Game Over

vidgamemovieI like movies but I don’t much care for video games. This isn’t an unfounded bias based on my age or a disconnect from current culture. (My video game experience goes back to the pre-Atari days). No, the reason is my preference for story.

Aristotle had it right, in my opinion. A story should have a beginning, a middle, and an end. That separates it from pageantry, which is a continuous display without a plot. Thus, I prefer plays to parades and Olympic competition to opening ceremonies.

This bias extends to my preference for baseball, which I see as a plot-driven competition (complete with 9 “chapters” with no clock) as opposed to basketball, soccer, and hockey, which are continuous action.

Today, the line between the movies and video games has become blurred, if not invisible. Movies are made based on video games. Screenwriters write for video games. Actors voice video games. It seems that, now, gamers are writing some of the movies.

This struck me when I recently watched the movie “Divergent”, a film made from a YA novel of the same name. Not surprisingly, it echoes many features of the wildly successful “Hunger Games” series: onion-skin-thin YA characters in a dystopian society trying to kill each other off. If you think the similarities in these logos is a coincidence, I have an Amway franchise you’d be interested in. (I’m not alone in this. SNL noticed the connection, too. Check it out.)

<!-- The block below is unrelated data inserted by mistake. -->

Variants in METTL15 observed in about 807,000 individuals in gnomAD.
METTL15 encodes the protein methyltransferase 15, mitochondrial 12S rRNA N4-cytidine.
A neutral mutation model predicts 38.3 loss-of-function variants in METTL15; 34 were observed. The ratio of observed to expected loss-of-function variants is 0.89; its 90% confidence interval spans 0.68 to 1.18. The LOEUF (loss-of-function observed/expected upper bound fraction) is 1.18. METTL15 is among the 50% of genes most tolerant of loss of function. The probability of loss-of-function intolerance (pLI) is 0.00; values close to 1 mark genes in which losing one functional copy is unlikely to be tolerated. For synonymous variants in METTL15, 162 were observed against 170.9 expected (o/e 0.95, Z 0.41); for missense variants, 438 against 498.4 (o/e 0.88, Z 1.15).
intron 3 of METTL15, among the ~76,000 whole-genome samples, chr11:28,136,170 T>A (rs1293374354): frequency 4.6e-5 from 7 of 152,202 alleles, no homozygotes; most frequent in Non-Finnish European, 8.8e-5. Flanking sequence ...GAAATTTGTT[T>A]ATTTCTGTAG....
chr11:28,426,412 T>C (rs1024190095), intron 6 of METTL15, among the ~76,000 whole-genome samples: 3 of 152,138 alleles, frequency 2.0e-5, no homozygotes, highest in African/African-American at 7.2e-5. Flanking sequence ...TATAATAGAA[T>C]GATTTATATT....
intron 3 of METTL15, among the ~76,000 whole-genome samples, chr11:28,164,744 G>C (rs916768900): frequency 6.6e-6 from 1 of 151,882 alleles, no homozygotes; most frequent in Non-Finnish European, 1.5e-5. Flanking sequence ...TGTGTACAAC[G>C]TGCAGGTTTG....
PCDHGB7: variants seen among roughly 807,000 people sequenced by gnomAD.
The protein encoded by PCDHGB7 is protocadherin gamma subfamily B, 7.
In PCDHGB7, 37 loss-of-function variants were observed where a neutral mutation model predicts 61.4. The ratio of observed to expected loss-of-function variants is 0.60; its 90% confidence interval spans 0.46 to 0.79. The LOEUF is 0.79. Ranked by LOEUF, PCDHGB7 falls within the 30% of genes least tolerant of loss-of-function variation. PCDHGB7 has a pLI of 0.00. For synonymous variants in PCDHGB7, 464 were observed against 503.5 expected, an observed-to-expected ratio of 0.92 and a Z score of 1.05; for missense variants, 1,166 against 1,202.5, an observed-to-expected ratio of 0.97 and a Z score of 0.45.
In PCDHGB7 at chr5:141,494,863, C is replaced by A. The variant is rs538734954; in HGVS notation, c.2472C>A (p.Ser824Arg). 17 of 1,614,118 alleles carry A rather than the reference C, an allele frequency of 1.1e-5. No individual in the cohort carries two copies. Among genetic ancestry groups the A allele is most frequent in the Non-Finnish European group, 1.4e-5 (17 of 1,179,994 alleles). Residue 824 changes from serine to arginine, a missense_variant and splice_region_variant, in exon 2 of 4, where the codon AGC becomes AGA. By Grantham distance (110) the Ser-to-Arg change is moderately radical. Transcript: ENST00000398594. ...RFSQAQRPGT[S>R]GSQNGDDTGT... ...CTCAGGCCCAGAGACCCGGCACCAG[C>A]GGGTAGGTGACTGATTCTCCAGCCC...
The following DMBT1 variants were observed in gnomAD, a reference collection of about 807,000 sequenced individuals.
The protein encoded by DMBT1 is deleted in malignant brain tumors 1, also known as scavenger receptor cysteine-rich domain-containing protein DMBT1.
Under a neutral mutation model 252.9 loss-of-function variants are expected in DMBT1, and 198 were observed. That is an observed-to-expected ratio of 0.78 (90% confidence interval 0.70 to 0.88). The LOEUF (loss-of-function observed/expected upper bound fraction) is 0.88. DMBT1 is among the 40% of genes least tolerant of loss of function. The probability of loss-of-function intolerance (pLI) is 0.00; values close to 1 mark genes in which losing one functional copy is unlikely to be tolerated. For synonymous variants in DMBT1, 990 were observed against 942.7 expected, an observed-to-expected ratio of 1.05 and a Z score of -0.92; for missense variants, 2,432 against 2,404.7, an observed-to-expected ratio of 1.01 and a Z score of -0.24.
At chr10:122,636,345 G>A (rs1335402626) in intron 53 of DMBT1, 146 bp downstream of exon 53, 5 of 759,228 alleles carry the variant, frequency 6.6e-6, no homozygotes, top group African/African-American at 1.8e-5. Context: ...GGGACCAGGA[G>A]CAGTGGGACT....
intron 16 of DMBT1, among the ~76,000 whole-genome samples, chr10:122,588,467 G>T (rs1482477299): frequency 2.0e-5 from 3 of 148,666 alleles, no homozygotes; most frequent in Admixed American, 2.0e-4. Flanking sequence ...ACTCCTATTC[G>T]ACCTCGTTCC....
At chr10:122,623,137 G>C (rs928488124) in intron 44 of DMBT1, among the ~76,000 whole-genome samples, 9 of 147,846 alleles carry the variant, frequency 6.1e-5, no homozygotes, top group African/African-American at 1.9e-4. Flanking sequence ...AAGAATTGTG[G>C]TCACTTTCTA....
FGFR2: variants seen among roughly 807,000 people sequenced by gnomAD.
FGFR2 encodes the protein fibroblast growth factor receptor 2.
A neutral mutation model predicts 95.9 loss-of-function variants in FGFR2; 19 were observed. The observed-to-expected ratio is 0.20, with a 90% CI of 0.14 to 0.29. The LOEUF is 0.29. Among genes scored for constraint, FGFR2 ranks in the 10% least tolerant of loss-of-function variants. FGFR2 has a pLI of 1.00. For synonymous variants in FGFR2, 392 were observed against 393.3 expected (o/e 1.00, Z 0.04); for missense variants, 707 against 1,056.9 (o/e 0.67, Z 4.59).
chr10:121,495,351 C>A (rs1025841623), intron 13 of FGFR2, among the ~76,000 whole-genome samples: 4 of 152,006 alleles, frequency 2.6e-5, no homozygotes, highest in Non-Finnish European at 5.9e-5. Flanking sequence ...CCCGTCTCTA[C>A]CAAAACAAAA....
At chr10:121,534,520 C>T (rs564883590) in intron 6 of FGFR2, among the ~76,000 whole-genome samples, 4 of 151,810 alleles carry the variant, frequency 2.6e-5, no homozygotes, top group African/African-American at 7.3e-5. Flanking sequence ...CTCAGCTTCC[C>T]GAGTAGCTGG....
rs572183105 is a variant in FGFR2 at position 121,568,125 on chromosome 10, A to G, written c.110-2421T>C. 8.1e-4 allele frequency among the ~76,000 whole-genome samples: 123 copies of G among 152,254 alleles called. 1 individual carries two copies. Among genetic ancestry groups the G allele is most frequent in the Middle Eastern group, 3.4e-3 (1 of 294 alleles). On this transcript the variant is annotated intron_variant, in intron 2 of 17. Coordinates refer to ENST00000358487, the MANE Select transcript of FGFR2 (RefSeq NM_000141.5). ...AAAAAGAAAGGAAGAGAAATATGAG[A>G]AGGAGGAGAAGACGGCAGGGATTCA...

I can’t speak for the book because I haven’t read it, but “Divergent” the movie was mind-numbing for me. As I watched, it felt like I was trapped in a video game. The protagonist, Tris (rhymes with Katniss from “Hunger Games”; get it?), has to survive multiple levels of challenges not a whole lot different than those faced by Mario Brothers. In case the obvious isn’t obvious enough, she even gets a score for each level. All middle, no beginning or end; not exactly Aristotelian.

There is a plot buried somewhere under all the mundane action, one-dimensional characters, and hackneyed relationships but it’s as trite as it is uninteresting.

And, guess what. Like a video game, it doesn’t end. The vapid protagonist and all her shallow cohorts simply set themselves up for the next level, er, sequel. Oh joy.

From all appearances, a movie in a similar (i.e. exactly the same) vein is “The Maze Runner”. This flick dispenses with any pretense. The name is a game and the plot appears to be trying to play a game.

This one is also based on a book. The usual suspects: YA, dystopian, trilogy (i.e. built-in franchise).  Once more, I have to confess that I haven’t read this book. It could be a YA classic that will make us all forget “The Chocolate War”, “A Catcher in the Rye”, and “The Giver”.

I’m betting not.

This class of pulp seems to be churned out at a factory somewhere and judged not on their ability to challenge or inspire, but on their potential for selling cookie cutter movie franchises and tangential tchotchkes to gullible adolescents.

Mario would be all over them.


Kill the cat

(Don’t worry, cat-lovers. This isn’t the mad ravings of a felinocidal maniac. There are cat people in my family I’d have to answer to, including the one who trained his cat to turn on the lights.)